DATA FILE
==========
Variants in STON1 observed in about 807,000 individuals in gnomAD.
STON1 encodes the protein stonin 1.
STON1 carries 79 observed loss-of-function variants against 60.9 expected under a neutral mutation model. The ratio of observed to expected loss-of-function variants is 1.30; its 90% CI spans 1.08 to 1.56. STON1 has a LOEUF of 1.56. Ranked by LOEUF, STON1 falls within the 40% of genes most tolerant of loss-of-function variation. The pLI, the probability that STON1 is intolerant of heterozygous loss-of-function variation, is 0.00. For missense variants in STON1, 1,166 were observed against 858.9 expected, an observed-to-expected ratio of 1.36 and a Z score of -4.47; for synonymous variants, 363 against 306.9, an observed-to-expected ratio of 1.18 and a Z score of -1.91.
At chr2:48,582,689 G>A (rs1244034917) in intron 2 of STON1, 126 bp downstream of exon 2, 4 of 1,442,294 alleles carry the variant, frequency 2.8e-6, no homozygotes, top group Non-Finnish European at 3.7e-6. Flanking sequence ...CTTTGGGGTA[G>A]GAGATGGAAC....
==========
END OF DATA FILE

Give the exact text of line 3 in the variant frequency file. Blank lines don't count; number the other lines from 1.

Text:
STON1 carries 79 observed loss-of-function variants against 60.9 expected under a neutral mutation model. The ratio of observed to expected loss-of-function variants is 1.30; its 90% CI spans 1.08 to 1.56. STON1 has a LOEUF of 1.56. Ranked by LOEUF, STON1 falls within the 40% of genes most tolerant of loss-of-function variation. The pLI, the probability that STON1 is intolerant of heterozygous loss-of-function variation, is 0.00. For missense variants in STON1, 1,166 were observed against 858.9 expected, an observed-to-expected ratio of 1.36 and a Z score of -4.47; for synonymous variants, 363 against 306.9, an observed-to-expected ratio of 1.18 and a Z score of -1.91.